The rumor began swirling on the streets of East Williamsburg—or is it still Bushwick?—late last summer, overheard on street corners and even announced at a cultural event: someone or someones were pushing to remove the "Avenue of Puerto Rico" text from the Graham Avenue street signs.
"I heard about it a long time ago, then didn't hear anything else. I thought it was a dead issue," said Betty M. Cooney, the executive director of the Graham Avenue Business Improvement District. She'd hoped it would disappear back into the mysterious void from which it came, but unfortunately, it seems to keep popping up.
"I figured maybe it was just somebody's lame idea of a joke. Then maybe a month ago, someone mentioned it again."
The idea of retooling neighborhood names for real estate rebranding is nothing new. Take "ProCro," a portmanteau of Prospect and Crown Heights conceived by the real estate industrial complex with the idea of more closely associating the area east of Washington Avenue with Prospect Height's tonier reputation.
Residents scoffed at the idea of disregarding a neighborhood's history to make it more palatable to affluent newcomers—at the time, we couldn't find anyone on the street who supported the change.
Similarly, nobody we spoke to supported the idea of axing "Avenue of Puerto Rico." Nobody except Brooklyn-based developer Michael Schlegel, who supported the rationale for "ProCro" in a 2011 interview with the Wall Street Journal.
Schlegel, who helped develop a glass-walled condo building in Crown Heights at St. Johns Place and Classon Avenue, said shortening the street signs would be a shrewd move to increase East Williamsburg's cachet.
"It's becoming a very hot area, and the people from Williamsburg are moving further out, and they don't want it to be known as a Puerto Rican or Spanish area anymore," he said. "I think it would help the image of the area."
Community Board 1 and the DOT, the municipal agencies who would be responsible for removing the name, both declined to comment, though a DOT representative said they hadn't heard of a proposal to tweak Graham Avenue's signs. Still, people keep talking.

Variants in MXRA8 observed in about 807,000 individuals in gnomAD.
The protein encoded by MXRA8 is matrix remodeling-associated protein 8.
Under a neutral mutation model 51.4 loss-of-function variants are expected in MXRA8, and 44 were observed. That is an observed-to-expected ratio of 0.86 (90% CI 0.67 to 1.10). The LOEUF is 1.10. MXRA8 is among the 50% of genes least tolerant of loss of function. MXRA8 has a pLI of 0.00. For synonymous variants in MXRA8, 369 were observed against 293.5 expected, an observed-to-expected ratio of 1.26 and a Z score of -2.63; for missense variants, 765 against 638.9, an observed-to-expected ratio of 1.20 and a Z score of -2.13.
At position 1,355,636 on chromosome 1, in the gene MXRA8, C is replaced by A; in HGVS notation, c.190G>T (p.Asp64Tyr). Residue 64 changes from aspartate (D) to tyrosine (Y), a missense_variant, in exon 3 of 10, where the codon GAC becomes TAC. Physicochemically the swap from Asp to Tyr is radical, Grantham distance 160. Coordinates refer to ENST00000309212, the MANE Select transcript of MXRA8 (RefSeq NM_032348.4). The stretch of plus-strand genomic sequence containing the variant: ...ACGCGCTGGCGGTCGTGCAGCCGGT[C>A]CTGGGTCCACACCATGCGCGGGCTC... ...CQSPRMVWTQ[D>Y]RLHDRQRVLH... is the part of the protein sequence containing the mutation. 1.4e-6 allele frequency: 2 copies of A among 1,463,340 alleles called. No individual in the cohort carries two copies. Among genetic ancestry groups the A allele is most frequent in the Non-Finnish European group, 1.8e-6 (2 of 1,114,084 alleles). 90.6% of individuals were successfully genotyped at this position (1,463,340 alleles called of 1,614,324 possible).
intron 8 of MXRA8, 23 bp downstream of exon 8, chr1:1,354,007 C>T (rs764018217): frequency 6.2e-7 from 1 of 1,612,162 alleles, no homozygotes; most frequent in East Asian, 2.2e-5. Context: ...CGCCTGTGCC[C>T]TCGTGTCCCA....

(Garth Johnston / Gothamist)
Rosie Ricardo, owner of New York Trophies and a board member of the Graham Avenue BID, said she first caught wind of the rumor from people talking outside her store, overhearing snippets of chatter that the sign may be in jeopardy. Ricardo, who grew up in Bushwick but is of Puerto Rican descent, said she doesn't mind the demographic changes coming to the neighborhood, and in fact prefers the lowering crime rates and increase in local business accompanying the wealthy newcomers—as long as they don't attempt to meddle with tradition
"The neighborhood is becoming more Caucasian, but that doesn't give anyone the right to come in and take away our name," she said. "They don't know the history of the neighborhood."
Martin Garcia, a lifelong East Williamsburg resident, also heard rumblings of the sign's removal. He said he was smoking a cigarette outside Petland Discounts, Inc., where he works as a manager, when he overheard a group of men saying that "Avenue of Puerto Rico" needed to go.
"It was bad stuff. They said that they should have changed it, saying they don't know why they call it the 'Avenue of Puerto Rico," recalled Garcia, who is Puerto Rican, adding that several racial epithets were thrown around as well. "It wouldn't really bother me if they changed it, but why do it? It's been there so long."
There are others who think the sign, which was installed in 1982, should never have gone up in the first place. Steven Guzman, 48, was born and raised in the neighborhood. He said he was sickened when the sign went up more than 20 years ago, saying that labeling the street only deepened an already notable racial divide.
Guzman, who identified himself as a Spaniard, said he never needed a sign to figure out where his neighborhood began and ended. "When I was growing up, there was a division," he said. "The bottom line is if you walked across Grand Street you were no longer in the neighborhood—the Puerto Rican side of the neighborhood—because literally everyone was Italian."
Guzman said that if there's a push to remove "Avenue of Puerto Rico," it better also include Graham's Italian counterpart, Via Vespucci, added to the north of Grand Avenue in 1989. "I was like, what, once you get to Grand Street you're suddenly an Italian? That's wrong," Guzman said. "We're all American here."
Edwin Sarmiento, who owns VIP Coffee & Restaurant, echoed the opinion of several local residents when he said that removing the sign wouldn't matter, since no one refers to the street as "Avenue of Puerto Rico" anyway.
"Even the Puerto Ricans don't call it 'Avenue of Puerto Rico.' They just call it Graham. I'm used to hearing only Graham," said Sarmiento, who moved to the neighborhood two years ago after emigrating from Ecuador. "There's not that many Spanish left around here anyway," he said with a shrug. "The rent is getting too expensive."
But Cooney, director of the BID, said the current makeup of the neighborhood is not the point. Rather, it’s a tribute to a time past. "It's like saying 'Let's stop Chinatown from being Chinatown.' It's not cool. This has been the Avenue of Puerto Rico for many years. It's a tribute to the legacy of that community," she said. "It would be very disrespectful if they tried to do something like that."
Lauren Evans is a reporter living in New York City.